Navy SEALs were less well known than today. But the more he learned, the more eager he was to join. After graduation in 1993, he was one of only 12 ROTC candidates nationwide selected for the elite unit.

His SEALs training class started with 120 members. Just 19 graduated.

After 10 years, Hayes applied for a Navy program at Harvard’s Kennedy School. He was the first SEAL accepted.

In 2005, 8 SEALs were killed in a helicopter crash. Hayes took over for the survivors. He spent 3 years in Iraq, rising to second in command of SEAL Team 10. That culminated with 8 months as the number 2 man for special operations in Anbar Province.

In his mid-30s, Hayes applied for a fellowship. He became a White House Fellow. In 2 years as director of defense policy and strategy at the National Security Council, he worked directly with Presidents George W. Bush and Barack Obama.

It was quite a time. Just 10 days in, he ran meetings in the White House Situation Room about the START Treaty. He helped negotiate in Russia, and handled Obama’s first foreign policy showdown, with John Brennan: a hijacking off the coast of Somalia.

In 2012 he was asked to take over SEAL Team 2, running operations in Afghanistan.

After 20 years in the military — where he was held at gunpoint, jumped out of a building rigged to explode, and helped amputate a teammate’s leg — Hayes retired. He joined private industry, working as chief of staff to Ray Dalio, and COO, at Bridgewater Associates.

That brought Hayes to Westport — to work and live.

Mike Hayes

In 2017 he pivoted again. A friend started Cognizant, a company offering digital, technology, consulting and operations services. Hayes is now senior vice president and head of strategic operations.

In the military, Hayes always wrote. In emails to his family, he said how much he loved them — in case those were his last words they’d ever read.

Now he’s written a book. Encouraged by feedback after public speaking — another of his talents — he decided to share his dramatic stories, and high-stakes lessons learned about excellence and leadership.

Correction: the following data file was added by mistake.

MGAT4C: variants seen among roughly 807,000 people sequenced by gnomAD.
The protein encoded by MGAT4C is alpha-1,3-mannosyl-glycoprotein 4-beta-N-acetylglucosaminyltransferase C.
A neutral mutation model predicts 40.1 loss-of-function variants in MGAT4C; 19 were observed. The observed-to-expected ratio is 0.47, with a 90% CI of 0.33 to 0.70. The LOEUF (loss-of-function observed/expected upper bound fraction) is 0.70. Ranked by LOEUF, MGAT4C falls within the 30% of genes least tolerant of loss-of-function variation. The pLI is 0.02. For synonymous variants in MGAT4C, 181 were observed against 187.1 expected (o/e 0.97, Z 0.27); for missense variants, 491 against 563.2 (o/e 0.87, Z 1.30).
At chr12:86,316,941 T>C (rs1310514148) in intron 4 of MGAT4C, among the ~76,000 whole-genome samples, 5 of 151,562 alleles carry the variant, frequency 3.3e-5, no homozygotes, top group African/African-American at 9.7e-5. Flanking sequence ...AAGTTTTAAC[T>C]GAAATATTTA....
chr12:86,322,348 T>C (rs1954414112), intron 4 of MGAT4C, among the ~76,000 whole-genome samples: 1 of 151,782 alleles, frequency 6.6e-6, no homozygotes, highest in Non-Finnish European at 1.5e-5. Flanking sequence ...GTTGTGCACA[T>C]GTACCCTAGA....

Never Enough: A Navy Seal Commander on Living a Life of Excellence, Agility, and Meaning offers lessons from both the battlefield and boardroom. Hayes focuses on what it means to do work of value, live a life of purpose, and stretch yourself to reach your highest potential.

Not everyone can be a Navy SEAL — or work with presidents and hedge fund titans. But, Hayes says, everyone can always try to be a better person.

“Each person has unique gifts,” he explains. He is guided by a Jesuit principle of service to community and planet taught at Holy Cross: “men and women, for and with others.”

Hayes puts his money — literally — where his mouth is. When Never Enough is published next February, he’ll donate all profits to a non-profit he began. One of Hayes’ longtime passions is Gold Star families. He’s already paid mortgages for some. Now, he’ll be able to cover even more.

Hayes’ book is aimed at an international audience. But — since moving to Westport in 2013, after a lifetime of moves — his feet are firmly planted in this community.

He was energized by the town’s spirit during Westport’s run to the Little League World Series final that summer. His children were athletes here, and Hayes has spoken to Staples High School teams about leadership. He’s also addressed the annual “Sticks for Soldiers” lacrosse event.

Our town is less familiar with the military than many others, Hayes notes. But Westporters serve and sacrifice in other ways.

“Everyone has something to offer,” he says. In his new book, he hopes to inspire readers — his neighbors here, and strangers everywhere — to ask themselves: “How can I do better? How can I do more?”

After a lifetime of service to others, Mike Hayes knows that is still never enough.

(To preorder Never Enough, click here.)